GWU Alumna Helps Children and Families Deepen Their Relationship with God

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Divinity School Experiences Prepared Allison Benfield ’14 to Serve in Ministry

Image of Allison Benfield with two children during a children's sermon at her church. She is holding a microphone up to one of the children who is answering a question.Allison Benfield, a 2014 alumna of Gardner-Webb University, inspires young and old to hear and explore the stories in the Bible. “I want to help children—and grown-ups—deepen their relationship with God by learning and wondering about God’s story,” shares Benfield, who serves as Minister with Children and Their Families at St. John’s Baptist Church (Charlotte, N.C.) “Stories meet us where we are, and let us take what we need from them at that moment—this is especially true of God’s story. I hope everyone with whom I minister knows that God made them. God always loves them. God loves everyone, and God wants us to love everyone, too.”

Many times when she engages with children, she is amazed by their insight. “The thing I love most about being a minister with children is how we end up teaching each other when we are wondering about the stories we find in the Bible,” Benfield observed. “Any amount of time you spend working with children and being open to God’s Spirit among you, the experience will quickly teach you that you learn just as much from them as they do from you.”

Benfield began working with children in church when she was in middle school and realized her calling to ministry during college. She wanted to be equipped to serve and chose to pursue her Master of Divinity in Christian Education at Gardner-Webb. “I’ve encountered so many people who have had deeply hurtful experiences as young people in the church, and I want to do everything I can to make sure that children are taught well and loved well in the church so that they don’t walk away because they’ve been hurt so badly,” Benfield asserted. “So, I decided I needed to attend divinity school to make sure I had all the tools I needed to be a good and responsible minister.”

An image of Allison Benfield on the steps of Grossmuenster, a Romanesque-style Protestant church, in Zurich, Switzerland.
During the annual gathering of the Baptist World Alliance Commission on Christian Education and Nurture in Zürich, Switzerland, Allison Benfield toured Grossmuenster, a Romanesque-style Protestant church.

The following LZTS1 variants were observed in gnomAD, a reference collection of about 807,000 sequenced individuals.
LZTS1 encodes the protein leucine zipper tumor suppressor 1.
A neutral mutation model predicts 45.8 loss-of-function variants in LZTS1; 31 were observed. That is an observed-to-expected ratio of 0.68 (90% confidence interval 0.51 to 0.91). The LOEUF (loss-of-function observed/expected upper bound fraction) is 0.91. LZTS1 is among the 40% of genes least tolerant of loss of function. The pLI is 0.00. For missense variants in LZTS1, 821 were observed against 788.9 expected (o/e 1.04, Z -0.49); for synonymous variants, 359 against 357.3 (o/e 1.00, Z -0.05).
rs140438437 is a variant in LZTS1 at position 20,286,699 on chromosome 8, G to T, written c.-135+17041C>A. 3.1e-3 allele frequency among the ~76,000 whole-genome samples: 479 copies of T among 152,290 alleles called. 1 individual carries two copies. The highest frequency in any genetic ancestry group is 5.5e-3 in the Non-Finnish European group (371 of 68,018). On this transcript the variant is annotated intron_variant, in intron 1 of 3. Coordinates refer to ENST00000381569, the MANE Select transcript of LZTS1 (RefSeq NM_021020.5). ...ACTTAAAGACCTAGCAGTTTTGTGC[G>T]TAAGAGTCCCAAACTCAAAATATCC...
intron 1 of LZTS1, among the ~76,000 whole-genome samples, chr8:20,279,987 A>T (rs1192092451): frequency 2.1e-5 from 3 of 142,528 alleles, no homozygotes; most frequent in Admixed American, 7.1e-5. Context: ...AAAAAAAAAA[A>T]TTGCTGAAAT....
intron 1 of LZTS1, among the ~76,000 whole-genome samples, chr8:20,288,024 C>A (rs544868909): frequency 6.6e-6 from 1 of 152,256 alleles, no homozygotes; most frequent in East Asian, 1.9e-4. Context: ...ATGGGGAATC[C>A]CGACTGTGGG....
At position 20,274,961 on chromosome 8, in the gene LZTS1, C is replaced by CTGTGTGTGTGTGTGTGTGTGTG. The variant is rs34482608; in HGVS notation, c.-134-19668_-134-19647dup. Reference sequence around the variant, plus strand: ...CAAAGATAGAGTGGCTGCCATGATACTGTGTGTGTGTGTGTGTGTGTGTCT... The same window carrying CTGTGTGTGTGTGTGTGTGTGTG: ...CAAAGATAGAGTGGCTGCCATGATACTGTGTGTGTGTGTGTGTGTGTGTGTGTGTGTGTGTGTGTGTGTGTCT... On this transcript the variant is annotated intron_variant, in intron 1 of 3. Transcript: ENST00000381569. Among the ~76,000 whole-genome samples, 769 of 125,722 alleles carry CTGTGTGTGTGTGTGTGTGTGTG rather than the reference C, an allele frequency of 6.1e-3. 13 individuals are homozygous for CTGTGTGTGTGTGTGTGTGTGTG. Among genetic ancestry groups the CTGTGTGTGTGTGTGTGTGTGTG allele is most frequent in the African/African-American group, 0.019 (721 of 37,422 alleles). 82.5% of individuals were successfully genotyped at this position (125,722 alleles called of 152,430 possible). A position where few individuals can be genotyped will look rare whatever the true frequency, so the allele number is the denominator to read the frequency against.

She appreciated and learned important ideas from all of her professors, but two became mentors. She and her adviser, Dr. Sophia Steibel, talked many hours about coursework, ministry and life, and have stayed in touch. Dr. Cal Robertson, who taught Hebrew and Old Testament, instilled in her a love for studying the language. She spent a lot of time discussing with him the passages she chose to analyze.

Because spiritual formation is so important, Benfield writes the children’s Sunday school curriculum for her church and works to equip parents and families to help shape their children’s faith at home. She also helps write an arts-based curriculum for Vacation Bible School, which her church hosts with an Episcopal church in the neighborhood.

Her experiences in divinity school prepared her to write curricula and be an effective minister. “I appreciated the way in which the professors made us think for ourselves,” Benfield explained. “It wasn’t a system of indoctrination, where we were told what we needed to think about certain topics, but rather, we were expected to think and question and figure out what we thought and believed. The professors provide you with such good care and support as you wrestle with big questions and ideas. I think having to do all this reflection has made me a better and more articulate minister than I would have been otherwise.”

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